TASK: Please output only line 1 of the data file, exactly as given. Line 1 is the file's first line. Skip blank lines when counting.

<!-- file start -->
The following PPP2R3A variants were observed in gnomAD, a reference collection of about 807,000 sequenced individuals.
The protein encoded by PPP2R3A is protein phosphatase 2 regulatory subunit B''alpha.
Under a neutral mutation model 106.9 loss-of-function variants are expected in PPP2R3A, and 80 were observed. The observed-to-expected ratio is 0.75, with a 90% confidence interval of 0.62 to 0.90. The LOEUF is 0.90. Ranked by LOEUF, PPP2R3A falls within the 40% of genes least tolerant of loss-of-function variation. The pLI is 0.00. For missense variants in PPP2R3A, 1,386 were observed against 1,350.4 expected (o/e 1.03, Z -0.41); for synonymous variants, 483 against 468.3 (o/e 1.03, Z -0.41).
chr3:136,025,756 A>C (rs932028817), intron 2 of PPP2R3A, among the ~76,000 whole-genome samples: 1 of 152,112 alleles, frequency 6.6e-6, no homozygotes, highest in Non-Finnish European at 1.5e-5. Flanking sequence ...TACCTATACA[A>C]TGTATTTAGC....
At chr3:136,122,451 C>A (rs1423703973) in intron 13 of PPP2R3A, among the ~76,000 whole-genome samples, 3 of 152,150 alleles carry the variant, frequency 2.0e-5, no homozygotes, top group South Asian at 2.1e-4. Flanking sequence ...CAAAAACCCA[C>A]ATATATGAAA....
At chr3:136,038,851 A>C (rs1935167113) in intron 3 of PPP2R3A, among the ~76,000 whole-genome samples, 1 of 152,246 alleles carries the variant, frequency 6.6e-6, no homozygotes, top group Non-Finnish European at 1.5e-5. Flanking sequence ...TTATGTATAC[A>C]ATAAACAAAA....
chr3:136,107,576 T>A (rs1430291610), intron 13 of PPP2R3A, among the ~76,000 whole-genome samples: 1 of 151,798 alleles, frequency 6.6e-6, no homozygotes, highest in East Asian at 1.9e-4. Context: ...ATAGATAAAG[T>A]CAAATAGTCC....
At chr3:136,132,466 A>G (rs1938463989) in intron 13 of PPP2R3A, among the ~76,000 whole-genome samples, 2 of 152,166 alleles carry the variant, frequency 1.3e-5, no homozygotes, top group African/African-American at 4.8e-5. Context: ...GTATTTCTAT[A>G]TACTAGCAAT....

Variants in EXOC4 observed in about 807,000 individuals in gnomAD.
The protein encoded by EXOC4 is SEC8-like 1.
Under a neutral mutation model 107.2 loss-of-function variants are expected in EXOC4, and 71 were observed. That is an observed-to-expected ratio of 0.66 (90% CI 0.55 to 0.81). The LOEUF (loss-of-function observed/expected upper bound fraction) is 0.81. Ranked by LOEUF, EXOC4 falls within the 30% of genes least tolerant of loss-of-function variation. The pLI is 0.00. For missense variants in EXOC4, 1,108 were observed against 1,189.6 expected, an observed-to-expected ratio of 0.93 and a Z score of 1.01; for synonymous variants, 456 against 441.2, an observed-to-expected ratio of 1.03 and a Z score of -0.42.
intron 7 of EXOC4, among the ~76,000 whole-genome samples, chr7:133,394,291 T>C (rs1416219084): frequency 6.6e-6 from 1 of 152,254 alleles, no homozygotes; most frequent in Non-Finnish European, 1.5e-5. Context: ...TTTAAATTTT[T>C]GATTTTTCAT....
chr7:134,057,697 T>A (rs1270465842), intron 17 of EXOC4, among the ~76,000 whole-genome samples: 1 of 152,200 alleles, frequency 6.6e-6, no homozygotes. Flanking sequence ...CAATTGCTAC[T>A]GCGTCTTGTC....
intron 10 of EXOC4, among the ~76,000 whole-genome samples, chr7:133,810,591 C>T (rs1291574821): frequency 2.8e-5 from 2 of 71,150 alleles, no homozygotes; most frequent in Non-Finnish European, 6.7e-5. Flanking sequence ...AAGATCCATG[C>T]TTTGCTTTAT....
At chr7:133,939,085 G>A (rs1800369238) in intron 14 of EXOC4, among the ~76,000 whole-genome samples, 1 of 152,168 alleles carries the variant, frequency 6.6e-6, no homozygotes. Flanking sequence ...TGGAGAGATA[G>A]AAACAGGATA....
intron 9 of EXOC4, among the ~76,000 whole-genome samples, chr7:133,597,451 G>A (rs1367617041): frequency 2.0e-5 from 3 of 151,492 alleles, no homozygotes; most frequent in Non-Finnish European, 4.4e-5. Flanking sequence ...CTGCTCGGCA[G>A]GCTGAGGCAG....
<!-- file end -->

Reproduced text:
The following PPP2R3A variants were observed in gnomAD, a reference collection of about 807,000 sequenced individuals.